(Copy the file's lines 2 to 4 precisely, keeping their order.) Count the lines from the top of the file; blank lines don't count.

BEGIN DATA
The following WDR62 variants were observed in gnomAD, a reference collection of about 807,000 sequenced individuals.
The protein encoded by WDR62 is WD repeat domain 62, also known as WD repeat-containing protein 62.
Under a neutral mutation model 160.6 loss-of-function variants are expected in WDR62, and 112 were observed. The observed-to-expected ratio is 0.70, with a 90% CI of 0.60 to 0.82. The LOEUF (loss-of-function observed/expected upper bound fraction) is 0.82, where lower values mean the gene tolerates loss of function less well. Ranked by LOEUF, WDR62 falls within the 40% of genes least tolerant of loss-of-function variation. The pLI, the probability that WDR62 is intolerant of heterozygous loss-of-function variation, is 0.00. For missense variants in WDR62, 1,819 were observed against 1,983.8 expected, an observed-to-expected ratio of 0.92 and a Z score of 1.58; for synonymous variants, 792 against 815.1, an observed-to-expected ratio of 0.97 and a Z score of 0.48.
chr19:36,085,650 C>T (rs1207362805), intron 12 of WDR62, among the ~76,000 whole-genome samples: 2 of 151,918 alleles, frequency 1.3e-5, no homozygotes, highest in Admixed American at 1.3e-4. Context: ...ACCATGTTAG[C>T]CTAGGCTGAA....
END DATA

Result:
The protein encoded by WDR62 is WD repeat domain 62, also known as WD repeat-containing protein 62.
Under a neutral mutation model 160.6 loss-of-function variants are expected in WDR62, and 112 were observed. The observed-to-expected ratio is 0.70, with a 90% CI of 0.60 to 0.82. The LOEUF (loss-of-function observed/expected upper bound fraction) is 0.82, where lower values mean the gene tolerates loss of function less well. Ranked by LOEUF, WDR62 falls within the 40% of genes least tolerant of loss-of-function variation. The pLI, the probability that WDR62 is intolerant of heterozygous loss-of-function variation, is 0.00. For missense variants in WDR62, 1,819 were observed against 1,983.8 expected, an observed-to-expected ratio of 0.92 and a Z score of 1.58; for synonymous variants, 792 against 815.1, an observed-to-expected ratio of 0.97 and a Z score of 0.48.
chr19:36,085,650 C>T (rs1207362805), intron 12 of WDR62, among the ~76,000 whole-genome samples: 2 of 151,918 alleles, frequency 1.3e-5, no homozygotes, highest in Admixed American at 1.3e-4. Context: ...ACCATGTTAG[C>T]CTAGGCTGAA....